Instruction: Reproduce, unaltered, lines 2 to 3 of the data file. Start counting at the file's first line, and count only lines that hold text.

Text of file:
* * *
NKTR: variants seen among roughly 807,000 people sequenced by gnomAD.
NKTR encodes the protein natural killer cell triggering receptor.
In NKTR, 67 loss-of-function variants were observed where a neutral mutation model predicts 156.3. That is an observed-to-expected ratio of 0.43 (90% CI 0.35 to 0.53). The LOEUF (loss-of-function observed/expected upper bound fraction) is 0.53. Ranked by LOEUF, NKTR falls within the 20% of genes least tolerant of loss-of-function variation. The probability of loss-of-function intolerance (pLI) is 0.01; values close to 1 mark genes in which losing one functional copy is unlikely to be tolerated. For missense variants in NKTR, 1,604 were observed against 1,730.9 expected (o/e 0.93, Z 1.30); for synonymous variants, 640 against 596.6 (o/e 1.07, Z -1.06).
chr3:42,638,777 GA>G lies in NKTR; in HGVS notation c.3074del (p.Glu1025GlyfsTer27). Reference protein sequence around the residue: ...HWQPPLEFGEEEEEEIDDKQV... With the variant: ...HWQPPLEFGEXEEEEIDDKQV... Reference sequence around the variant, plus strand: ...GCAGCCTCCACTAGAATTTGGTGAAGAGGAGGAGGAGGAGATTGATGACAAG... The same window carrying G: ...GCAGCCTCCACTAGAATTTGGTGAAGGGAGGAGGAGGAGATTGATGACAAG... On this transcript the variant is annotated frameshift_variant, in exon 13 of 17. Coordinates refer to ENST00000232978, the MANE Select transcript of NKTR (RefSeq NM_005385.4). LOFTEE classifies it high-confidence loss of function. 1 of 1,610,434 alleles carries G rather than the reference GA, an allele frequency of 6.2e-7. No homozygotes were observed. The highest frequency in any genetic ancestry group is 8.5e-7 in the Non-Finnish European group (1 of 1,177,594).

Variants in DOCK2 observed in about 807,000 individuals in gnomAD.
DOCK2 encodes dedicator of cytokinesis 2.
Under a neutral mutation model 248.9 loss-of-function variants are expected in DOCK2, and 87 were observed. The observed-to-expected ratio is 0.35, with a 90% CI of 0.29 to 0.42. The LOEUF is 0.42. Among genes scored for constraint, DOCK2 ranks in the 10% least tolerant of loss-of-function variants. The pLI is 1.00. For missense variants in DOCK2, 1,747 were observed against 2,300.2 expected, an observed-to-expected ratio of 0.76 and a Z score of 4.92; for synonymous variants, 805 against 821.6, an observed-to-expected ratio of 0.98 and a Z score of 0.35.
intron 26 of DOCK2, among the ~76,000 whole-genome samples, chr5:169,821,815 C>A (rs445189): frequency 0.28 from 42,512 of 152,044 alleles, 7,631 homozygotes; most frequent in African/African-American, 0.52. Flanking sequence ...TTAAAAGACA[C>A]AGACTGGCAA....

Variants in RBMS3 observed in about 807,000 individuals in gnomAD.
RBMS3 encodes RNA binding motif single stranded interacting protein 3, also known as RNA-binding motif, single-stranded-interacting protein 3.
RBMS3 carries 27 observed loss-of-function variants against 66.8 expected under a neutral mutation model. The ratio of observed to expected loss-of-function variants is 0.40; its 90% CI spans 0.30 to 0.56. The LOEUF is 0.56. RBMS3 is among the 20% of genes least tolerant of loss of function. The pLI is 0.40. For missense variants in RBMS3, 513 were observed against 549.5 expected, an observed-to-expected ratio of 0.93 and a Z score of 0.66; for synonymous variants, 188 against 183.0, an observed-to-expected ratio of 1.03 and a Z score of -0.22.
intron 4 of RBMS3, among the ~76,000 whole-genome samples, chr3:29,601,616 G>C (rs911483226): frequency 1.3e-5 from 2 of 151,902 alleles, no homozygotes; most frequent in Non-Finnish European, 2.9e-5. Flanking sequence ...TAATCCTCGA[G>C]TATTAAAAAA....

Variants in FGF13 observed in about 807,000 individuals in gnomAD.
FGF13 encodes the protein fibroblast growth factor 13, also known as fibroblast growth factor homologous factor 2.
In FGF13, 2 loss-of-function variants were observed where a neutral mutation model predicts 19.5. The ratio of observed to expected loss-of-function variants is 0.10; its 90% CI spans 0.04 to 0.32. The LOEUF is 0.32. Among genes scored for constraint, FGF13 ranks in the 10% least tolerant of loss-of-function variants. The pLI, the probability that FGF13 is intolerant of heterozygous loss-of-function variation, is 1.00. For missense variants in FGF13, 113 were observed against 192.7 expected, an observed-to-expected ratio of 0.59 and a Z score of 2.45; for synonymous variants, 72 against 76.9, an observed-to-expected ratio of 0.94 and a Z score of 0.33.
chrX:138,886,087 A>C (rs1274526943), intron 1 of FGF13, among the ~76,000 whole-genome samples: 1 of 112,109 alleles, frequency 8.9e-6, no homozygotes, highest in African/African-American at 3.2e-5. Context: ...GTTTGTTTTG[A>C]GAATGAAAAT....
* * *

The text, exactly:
NKTR encodes the protein natural killer cell triggering receptor.
In NKTR, 67 loss-of-function variants were observed where a neutral mutation model predicts 156.3. That is an observed-to-expected ratio of 0.43 (90% CI 0.35 to 0.53). The LOEUF (loss-of-function observed/expected upper bound fraction) is 0.53. Ranked by LOEUF, NKTR falls within the 20% of genes least tolerant of loss-of-function variation. The probability of loss-of-function intolerance (pLI) is 0.01; values close to 1 mark genes in which losing one functional copy is unlikely to be tolerated. For missense variants in NKTR, 1,604 were observed against 1,730.9 expected (o/e 0.93, Z 1.30); for synonymous variants, 640 against 596.6 (o/e 1.07, Z -1.06).